Net lease: In this lease, the tenant pays some or all of the property or premises fees and taxes.
Net-Net Lease: In this lease, the tenant pays the fees and taxes listed in the “net lease” method, but then also pays the property and premises insurance premiums.
Net-Net-Net Lease: In this lease, the tenant will pay the fees and taxes, insurance for the premises, and then also pay for the repair and maintenance costs associated with the premises.
So what type of lease is best for the landlord? In most cases, the Net-Net-Net Lease is the way to go, however it is a question of whether the tenant will accept and sign that type of lease.
As a point of negotiation, it would be prudent in any Net Lease, or Net-Net Lease to have a higher initial rent for the landlord and better rent review provisions that compensate for the lower cost recovery for the landlord.
Net-Net-Net leases are common on properties that are fully tenant-occupied. This method of leasing structure is widespread in industrial property and office property.
This type of lease is most commonly seen in commercial properties, as the rent calculation is tied to the tenant’s business figures. In most leases of this type, the tenant first pays a fixed base rent that is geared to some method of rent review, and then the tenant also pays an additional rent that is calculated from his volume of business or sales. As the tenant improves his business, the rent increases.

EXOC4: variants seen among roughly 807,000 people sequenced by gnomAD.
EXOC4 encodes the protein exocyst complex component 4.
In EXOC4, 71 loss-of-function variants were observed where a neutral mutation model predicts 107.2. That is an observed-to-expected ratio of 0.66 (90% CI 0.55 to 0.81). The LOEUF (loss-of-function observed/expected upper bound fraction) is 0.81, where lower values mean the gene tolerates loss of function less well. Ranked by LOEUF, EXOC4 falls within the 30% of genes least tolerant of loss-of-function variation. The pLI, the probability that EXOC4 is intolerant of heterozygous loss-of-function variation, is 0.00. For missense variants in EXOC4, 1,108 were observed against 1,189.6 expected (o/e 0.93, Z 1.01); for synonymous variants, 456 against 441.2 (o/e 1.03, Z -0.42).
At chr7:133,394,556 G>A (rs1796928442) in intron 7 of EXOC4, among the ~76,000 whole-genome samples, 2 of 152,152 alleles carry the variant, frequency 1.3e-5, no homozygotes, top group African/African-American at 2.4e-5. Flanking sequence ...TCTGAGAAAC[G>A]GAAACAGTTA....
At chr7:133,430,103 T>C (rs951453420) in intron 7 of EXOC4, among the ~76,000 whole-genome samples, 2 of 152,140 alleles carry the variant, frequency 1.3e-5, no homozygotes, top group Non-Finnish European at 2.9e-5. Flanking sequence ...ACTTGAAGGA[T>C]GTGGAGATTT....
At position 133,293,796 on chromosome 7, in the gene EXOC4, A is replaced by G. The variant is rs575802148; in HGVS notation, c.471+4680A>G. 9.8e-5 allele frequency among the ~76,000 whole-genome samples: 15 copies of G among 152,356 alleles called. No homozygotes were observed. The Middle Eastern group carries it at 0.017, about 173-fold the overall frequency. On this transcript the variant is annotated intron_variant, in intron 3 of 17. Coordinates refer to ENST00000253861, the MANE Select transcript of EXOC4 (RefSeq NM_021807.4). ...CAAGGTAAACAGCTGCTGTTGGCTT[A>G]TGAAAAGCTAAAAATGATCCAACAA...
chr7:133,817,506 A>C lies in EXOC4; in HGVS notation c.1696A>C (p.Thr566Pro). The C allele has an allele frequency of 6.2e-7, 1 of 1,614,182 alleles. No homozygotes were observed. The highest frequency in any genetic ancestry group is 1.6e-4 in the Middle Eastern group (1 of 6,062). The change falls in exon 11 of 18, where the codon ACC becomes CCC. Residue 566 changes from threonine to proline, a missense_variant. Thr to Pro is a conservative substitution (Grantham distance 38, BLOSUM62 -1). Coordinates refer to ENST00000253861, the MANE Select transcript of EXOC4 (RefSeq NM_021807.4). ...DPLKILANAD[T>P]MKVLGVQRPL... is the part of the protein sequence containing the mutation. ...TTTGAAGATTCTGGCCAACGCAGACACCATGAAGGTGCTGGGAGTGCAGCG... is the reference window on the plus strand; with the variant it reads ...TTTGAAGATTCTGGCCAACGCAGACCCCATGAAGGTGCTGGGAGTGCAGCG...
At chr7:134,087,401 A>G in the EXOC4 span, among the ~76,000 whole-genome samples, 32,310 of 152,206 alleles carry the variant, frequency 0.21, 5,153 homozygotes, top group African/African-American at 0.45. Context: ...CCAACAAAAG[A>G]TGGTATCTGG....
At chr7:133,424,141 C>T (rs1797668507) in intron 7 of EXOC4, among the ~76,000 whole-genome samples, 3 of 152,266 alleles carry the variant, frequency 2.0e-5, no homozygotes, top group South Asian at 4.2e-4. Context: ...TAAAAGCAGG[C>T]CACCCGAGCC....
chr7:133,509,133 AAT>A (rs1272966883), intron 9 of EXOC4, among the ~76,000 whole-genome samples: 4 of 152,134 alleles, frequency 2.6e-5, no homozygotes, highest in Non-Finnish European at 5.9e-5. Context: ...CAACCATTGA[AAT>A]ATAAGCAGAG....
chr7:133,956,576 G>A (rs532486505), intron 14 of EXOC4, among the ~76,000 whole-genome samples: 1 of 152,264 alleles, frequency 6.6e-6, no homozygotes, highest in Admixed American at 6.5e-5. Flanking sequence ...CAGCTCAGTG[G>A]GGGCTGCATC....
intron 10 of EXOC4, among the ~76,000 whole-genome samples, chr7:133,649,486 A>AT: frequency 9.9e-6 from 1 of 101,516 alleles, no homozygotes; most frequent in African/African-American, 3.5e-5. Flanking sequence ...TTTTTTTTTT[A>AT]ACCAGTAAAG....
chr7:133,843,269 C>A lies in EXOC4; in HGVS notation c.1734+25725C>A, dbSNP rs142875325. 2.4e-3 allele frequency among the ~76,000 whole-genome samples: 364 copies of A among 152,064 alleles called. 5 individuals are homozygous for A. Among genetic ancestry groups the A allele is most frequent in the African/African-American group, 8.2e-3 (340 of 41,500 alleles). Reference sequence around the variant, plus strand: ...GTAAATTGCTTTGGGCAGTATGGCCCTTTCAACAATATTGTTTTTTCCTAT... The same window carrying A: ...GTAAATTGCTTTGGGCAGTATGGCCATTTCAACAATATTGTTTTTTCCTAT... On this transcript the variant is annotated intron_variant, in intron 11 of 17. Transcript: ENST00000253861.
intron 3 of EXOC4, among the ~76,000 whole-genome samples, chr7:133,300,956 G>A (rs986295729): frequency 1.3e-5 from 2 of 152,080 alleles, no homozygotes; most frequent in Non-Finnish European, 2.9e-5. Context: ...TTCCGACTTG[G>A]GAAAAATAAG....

An essential part of this lease structure is forcing the tenant to provide accurate and regular audited billing figures. The lease must support and enforce the audit process for the owner. Monthly billing figures are the best way to go, as the tenant provides the audited figures to the landlord, say, on the 7th of the following month. The landlord then collects the billing rent from the tenant based on the audited figures.
This type of leasing is also seen in new shopping centers as new tenants stabilize customs and sales levels, in supermarkets for the same reasons, and in hotels or motels. The basic strategy with rotating rental is to give the landlord some cash flow from establishing a base rent from the beginning of the lease, and then charging an additional rent as the property and lease become more successful in generate sales and customers.
In all leases, the recovery of rent and expenses must be clearly established to avoid debates and disagreements with the tenant. As you can see now, the selection of the type of lease to use on a property will have a significant impact on the future of the owner. It will also affect any sales situation.
It is worth knowing what is happening in the market when it comes to the types of leases and rentals so that you can make lease agreements that are similar or better than the rest of the market. The correct lease structure, document and rent will help sell properties at better prices.